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What is God? Part II

What is God? Part II

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When theologians and philosophers postulate the concept of God, it is important to understand that God is not writing about Himself; he is not explicitly saying, “This is how I created the world” or “This is how I interact with the world.” God is not clearly or demonstrably declaring Himself. This must be understood. What has happened and is still happening is that we—that is, human beings—are speaking about God, describing the qualities of God or telling others how God relates and makes things happen. Human beings have postulated the notion of God and then seek to explain Him. And the “we” in each religion throughout the world has done the same.

 

Background

 

 
In my last column, “What is God? Part I,” I gave the following examples:

 

  • In Judaism people have said that God is ultimately unknowable, created everything, and interacts with creation. It is interesting that He is “unknowable” and yet we know this information.
  • Christianity suggests that God is made up of the Father (creator), Son (redeemer), and Holy Spirit (sustainer). 
  • Islam proclaims that God begetteth not, nor is He begotten. 
  • Buddhism teaches that the spiritual life seeks to alleviate any pain or distress.
  • Hinduism is complex and seeks to incorporate all the above. 

 

Just because a person says something, does not make it a fact. Just because something is written down, does not make it a fact. Just because people believe certain things, does not make them true.

 

What we really have concerning God are many ideas and opinions concerning who God is and how He relates and interacts with the world. They may be good and interesting ideas, but that does not make them true. People do and say anything they want, but that in itself does not make for facts.

 

It may be shown that what is said about a supreme being, and what is expressed concerning how the supreme being expects us to behave as human beings, can have a positive effect on any given society. For example, do not kill, steal or tell lies. These edicts may make for a more humane society, but that, in themselves, does not make them true. 

 

Objectification

 

Throughout history we have had people declare that God has spoken to them, has appeared in spirit form, has taken them on a miraculous journey, and has told them to declare certain insights to the world. All the religions of the world have men and women telling stories of how and what God said to them. While they are interesting and fascinating stories, that in itself does not make them true.

 

Let us agree for the sake of argument that God is really speaking to the men and women in this world. Okay. So He is saying different things, creating different creation stories, and different prophecies? This is just an objective observation of the religious world and its history.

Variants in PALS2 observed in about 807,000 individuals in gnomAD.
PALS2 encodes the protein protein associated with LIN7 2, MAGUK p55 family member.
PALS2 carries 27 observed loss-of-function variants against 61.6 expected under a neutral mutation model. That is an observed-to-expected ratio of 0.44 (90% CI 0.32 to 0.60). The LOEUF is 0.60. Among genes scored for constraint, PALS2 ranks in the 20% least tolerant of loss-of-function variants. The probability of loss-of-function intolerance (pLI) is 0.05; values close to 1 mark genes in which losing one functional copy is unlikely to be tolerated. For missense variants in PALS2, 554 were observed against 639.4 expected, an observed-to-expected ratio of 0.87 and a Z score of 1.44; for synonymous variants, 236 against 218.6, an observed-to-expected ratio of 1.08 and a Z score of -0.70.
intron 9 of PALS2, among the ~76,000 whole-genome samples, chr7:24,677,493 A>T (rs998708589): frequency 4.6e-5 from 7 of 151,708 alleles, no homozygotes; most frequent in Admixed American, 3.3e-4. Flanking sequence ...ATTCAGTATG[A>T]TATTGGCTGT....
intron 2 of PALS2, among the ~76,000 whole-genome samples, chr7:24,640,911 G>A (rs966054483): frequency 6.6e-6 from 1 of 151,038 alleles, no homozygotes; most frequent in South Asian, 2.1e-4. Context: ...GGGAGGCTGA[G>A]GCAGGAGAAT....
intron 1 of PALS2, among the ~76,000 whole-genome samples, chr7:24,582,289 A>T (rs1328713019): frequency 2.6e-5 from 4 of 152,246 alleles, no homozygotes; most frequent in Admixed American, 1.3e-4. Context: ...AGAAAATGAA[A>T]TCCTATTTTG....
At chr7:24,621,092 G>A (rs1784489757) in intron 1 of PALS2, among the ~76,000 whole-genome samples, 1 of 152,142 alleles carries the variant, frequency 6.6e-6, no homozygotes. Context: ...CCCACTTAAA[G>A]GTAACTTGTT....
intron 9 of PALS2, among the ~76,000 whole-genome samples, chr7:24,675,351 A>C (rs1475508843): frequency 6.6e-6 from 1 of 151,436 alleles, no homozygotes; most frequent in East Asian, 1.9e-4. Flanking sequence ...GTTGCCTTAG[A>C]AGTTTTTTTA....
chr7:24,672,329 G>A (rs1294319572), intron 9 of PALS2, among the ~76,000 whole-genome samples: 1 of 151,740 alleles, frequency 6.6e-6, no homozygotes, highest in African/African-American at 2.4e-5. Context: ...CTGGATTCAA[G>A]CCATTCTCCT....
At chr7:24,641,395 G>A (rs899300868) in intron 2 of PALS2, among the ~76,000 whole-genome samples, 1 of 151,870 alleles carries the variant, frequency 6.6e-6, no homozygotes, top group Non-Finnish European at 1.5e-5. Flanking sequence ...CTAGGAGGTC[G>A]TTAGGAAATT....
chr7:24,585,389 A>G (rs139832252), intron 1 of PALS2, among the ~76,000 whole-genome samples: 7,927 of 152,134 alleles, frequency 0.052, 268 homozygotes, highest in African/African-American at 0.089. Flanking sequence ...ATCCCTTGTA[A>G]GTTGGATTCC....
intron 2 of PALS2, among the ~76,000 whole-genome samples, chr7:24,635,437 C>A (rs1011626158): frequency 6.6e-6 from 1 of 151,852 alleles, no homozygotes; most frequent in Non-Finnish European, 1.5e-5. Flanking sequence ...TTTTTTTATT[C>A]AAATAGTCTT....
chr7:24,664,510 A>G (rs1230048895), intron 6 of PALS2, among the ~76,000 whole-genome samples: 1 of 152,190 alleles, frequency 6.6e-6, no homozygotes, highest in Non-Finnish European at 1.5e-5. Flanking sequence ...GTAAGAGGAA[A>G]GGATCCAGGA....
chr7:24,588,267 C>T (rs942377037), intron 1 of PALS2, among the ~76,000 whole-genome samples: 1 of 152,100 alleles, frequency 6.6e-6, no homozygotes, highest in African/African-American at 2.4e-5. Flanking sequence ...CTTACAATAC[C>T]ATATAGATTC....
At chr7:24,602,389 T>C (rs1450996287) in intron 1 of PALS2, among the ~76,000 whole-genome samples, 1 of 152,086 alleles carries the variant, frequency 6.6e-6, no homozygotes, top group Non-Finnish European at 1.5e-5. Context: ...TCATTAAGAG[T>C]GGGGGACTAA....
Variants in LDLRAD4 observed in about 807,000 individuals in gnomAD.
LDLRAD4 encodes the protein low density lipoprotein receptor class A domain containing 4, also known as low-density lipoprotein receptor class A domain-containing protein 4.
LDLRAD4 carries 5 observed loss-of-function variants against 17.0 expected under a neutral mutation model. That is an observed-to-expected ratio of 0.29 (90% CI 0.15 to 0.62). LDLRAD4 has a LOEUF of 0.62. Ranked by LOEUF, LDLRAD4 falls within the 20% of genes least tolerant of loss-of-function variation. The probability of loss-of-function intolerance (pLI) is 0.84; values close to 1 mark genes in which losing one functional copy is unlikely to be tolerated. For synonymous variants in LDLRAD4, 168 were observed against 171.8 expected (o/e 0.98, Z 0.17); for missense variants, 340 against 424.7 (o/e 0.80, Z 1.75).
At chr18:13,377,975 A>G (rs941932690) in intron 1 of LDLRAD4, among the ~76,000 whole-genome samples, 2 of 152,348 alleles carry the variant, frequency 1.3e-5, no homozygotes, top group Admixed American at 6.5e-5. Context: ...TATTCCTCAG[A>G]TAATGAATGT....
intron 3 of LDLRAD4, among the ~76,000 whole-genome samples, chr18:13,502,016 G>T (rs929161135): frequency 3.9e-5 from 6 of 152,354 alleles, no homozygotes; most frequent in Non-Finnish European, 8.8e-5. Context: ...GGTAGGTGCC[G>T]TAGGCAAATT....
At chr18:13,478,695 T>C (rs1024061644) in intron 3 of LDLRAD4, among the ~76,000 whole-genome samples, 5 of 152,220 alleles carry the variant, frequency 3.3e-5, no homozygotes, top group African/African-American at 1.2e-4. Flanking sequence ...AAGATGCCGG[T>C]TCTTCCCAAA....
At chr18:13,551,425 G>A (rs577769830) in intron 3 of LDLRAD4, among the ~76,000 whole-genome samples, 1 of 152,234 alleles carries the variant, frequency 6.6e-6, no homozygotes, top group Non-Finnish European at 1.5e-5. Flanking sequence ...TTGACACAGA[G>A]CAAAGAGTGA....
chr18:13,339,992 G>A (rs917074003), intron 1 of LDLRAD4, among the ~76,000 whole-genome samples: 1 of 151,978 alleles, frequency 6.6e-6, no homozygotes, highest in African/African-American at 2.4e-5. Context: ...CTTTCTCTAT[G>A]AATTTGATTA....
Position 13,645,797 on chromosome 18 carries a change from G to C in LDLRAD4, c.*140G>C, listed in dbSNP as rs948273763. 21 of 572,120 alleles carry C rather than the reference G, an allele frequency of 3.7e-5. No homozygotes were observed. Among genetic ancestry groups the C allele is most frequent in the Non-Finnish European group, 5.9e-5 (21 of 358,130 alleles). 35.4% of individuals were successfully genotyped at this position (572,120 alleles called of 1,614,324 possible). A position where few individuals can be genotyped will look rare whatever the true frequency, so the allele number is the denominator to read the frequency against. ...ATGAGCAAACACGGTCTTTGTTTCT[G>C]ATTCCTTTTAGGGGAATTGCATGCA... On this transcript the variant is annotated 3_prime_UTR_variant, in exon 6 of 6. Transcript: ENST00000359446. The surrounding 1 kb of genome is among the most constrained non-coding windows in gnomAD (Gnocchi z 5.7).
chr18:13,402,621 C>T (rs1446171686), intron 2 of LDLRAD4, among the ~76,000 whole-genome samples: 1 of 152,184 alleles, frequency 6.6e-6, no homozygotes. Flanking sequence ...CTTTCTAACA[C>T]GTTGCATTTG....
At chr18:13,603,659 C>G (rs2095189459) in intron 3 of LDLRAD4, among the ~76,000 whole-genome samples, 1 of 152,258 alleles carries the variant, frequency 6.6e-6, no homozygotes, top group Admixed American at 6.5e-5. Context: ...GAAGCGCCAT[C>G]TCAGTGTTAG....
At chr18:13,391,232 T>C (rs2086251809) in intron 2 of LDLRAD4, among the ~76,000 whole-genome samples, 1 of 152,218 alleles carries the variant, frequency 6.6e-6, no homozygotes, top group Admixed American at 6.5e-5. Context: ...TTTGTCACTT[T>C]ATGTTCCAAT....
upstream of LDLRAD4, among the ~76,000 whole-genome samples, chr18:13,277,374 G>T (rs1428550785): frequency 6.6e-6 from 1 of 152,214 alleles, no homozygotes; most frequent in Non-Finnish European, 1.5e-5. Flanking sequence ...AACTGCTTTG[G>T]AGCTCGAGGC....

The Need to Believe


People sometimes say to me that “Everyone needs to believe in something.” Okay, but that does not in itself make these beliefs true. Some people believe that a snake in the Garden of Eden spoke to Adam and Eve. Some believe that creation was created in six days. Some believe that the Blessed Virgin Mary did not die, but was assumed into Heaven (which in Roman Catholicism is called the Feast of the Assumption). Some believe that Mohammed is the last Prophet.

 

The reader knows from his or her personal experience that people believe all manner of things, but that does not mean they are facts or true.

 

“Yes, Leo, but look how many people believe in Jesus. Or in Mohammed. Or follow the teachings of Buddha. Are you saying they are all wrong?”

 

No! I am not saying they are all wrong, but I am not saying they are right. Numbers are no substitute for facts!

 

Religion: Good or Bad?

 

Religion being good or bad is not the real issue for me. I am not questioning what religions are saying. I know what many religions say and what their followers believe. My question is this: Is it true? The question for me is not whether religion exists or not, because I know religion exists. I see them and I know what they say and believe. My question is: Do we know, with any certainty, as a fact, that God exists? Do we know, with any certainty, as a fact, how He wants us to live? Is it possible that what all the different religions say and believe concerning God, can they all be true? Are there indeed “alternative facts”? I do not think so.

 

Conclusion

 

Maybe we need to separate a person’s beliefs from facts? A person’s faith from truth? Maybe the concept of God being “unknowable” is true, and we will never know God? Maybe religious agnosticism is the best that we can hope for in this life? Maybe what people believe in says more about them than it does about God?
“I am who I am” is the most we will ever know, and even that is questionable!
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